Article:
Parish of Abernyte

A historical perspective, drawn from the Ordnance Gazetteer of Scotland: A Survey of Scottish Topography, Statistical, Biographical and Historical, edited by Francis H. Groome and originally published in parts by Thomas C. Jack, Grange Publishing Works, Edinburgh between 1882 and 1885.

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1791-99: Abernyte
1834-45: Abernyte

Abernyte, a hamlet and a parish near the E border of Perthshire. The hamlet stands in a beautiful glen, by the confluence of two rivulets, one of them anciently called the Nyte: and is 2¼ miles NW of its post-village Inchture, 4 miles NNW of Inchture station, and 11½ miles ENE of Perth.

The parish is bounded N and NE by Longforgan, SE by Inchture, SW by Kinnaird, W by Collace, and NW by Cargill. Of irregular shape, it has an extreme length from E to W of 33/8 miles, a width from N to S of 1¾ mile, and an area of 2533 acres, of which 1¼ are water. The surface has a general north-westward rise from the Carse of Gowrie to the Sidlaw Hills, the Braes of the Carse in the centre of the parish having elevations of 632 and 832 feet above sea-level, while to the W are the slopes of Blacklaw (969 feet), Dunsinane Hill (1012), Black Hill (1182), and King's Seat (1235), whose summits, however, lie just outside the bounds. The glen, shut in upon three sides by bold but cultivated ascents, opens south-eastward to the Carse: and its united rivulets form in the low grounds at the head of a deep-wooded ravine a romantic waterfall with 40 feet of almost sheer descent. The rocks are chiefly sandstone and amygdaloid, containing agates: and the soil on these lower grounds is light but fertile, mostly incumbent on gravel, whilst that of the uplands is of poorer quality, and in some places heathy. Two cairns crowned Glenny Law, on which and on Stockmuir there also stood two small stone-circles of 7 and 9 stones each. Abernyte House is the principal residence, and 7 landowners hold each an annual value of upwards of £50. In the presbytery of Dundee and synod of Angus and Mearns, the parish contains an Established church (rebuilt 1736: living, £219), and a Free church for Abernyte and Rait, these churches standing ½ mile E, and 5 furlongs ESE, of the hamlet. A public school, with accommodation for 93 children, had (1879) an average attendance of 54, and a grant of £41, 11s. Valuation (1881) £3011, 9s. Pop. (1831) 254, (1861) 310, (1871) 253, (1881) 275.—Ord. Sur., sh. 48,1868.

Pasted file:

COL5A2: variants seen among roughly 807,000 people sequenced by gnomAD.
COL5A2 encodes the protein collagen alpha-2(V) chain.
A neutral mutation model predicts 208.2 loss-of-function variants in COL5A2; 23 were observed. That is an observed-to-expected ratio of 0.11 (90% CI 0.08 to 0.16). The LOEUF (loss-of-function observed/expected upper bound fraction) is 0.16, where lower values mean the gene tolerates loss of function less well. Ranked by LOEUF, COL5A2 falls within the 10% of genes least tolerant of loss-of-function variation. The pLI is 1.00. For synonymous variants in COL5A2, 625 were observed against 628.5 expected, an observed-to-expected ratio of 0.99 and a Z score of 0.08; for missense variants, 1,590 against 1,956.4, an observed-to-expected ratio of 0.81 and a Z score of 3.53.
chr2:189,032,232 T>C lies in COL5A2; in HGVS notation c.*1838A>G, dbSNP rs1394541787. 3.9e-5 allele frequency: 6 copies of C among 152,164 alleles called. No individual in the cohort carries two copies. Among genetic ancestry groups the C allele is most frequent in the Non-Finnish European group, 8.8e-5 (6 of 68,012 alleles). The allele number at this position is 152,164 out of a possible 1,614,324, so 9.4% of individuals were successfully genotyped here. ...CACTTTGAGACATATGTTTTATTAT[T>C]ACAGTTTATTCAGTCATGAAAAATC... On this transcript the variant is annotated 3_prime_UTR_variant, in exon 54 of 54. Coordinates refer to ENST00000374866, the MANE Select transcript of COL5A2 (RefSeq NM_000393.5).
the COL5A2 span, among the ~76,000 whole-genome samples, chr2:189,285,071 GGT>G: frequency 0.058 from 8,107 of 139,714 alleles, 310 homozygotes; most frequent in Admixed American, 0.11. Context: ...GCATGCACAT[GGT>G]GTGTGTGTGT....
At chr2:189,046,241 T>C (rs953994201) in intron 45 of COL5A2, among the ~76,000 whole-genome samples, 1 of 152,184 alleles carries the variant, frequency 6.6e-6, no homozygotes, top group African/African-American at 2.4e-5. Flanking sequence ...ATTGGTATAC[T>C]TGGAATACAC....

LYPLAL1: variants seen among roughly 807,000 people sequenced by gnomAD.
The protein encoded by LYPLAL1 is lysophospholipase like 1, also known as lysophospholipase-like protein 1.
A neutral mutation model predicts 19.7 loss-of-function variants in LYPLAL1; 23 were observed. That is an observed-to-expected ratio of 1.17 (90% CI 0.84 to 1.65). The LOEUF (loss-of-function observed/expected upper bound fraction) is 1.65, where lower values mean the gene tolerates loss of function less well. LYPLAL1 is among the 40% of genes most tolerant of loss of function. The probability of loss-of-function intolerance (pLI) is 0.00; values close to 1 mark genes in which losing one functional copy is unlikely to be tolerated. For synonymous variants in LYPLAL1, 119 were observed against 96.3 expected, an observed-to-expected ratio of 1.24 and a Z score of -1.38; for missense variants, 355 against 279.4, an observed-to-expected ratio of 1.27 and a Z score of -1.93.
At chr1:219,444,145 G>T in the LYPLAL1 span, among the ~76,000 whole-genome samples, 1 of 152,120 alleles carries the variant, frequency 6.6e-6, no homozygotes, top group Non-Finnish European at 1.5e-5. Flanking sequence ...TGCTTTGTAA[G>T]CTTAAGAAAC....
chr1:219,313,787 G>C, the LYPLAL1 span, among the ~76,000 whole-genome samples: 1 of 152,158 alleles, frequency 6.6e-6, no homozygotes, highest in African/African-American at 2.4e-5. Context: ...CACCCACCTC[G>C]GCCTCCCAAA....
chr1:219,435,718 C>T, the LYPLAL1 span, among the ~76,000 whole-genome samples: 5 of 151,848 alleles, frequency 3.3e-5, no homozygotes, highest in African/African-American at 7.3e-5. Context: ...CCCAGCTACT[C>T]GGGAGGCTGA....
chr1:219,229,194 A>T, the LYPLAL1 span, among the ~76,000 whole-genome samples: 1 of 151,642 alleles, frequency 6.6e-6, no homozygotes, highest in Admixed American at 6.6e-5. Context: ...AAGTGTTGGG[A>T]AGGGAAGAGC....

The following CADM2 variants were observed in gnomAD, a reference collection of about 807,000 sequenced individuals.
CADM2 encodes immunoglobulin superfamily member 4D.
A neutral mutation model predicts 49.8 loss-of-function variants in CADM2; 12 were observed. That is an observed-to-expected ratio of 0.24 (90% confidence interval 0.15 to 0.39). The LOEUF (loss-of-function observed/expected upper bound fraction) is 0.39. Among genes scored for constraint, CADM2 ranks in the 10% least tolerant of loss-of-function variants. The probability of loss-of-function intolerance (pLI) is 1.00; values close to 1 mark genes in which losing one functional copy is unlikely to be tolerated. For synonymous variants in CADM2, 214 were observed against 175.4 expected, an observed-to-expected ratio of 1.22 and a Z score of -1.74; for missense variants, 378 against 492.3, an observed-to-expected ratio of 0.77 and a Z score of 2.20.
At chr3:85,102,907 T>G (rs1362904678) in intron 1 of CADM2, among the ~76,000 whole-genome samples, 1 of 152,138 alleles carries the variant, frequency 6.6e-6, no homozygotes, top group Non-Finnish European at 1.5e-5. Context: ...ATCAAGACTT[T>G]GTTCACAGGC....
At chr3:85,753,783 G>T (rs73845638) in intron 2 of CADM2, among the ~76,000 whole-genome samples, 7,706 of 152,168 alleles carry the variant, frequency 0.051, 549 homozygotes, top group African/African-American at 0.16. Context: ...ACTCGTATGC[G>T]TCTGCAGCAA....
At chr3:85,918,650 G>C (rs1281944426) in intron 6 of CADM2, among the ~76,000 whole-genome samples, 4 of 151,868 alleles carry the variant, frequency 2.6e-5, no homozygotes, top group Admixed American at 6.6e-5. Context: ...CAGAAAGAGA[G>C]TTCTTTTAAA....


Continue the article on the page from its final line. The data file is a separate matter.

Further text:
An accompanying 19th C. Ordnance Survey map is available, or use the map tab to the right of this page.

Note: This text has been made available using a process of scanning and optical character recognition. Despite manual checking, some typographical errors may remain. Please remember this description dates from the 1880s; names may have changed, administrative divisions will certainly be different and there are known to be occasional errors of fact in the original text, which we have not corrected because we wish to maintain its integrity. This information is provided subject to our standard disclaimer

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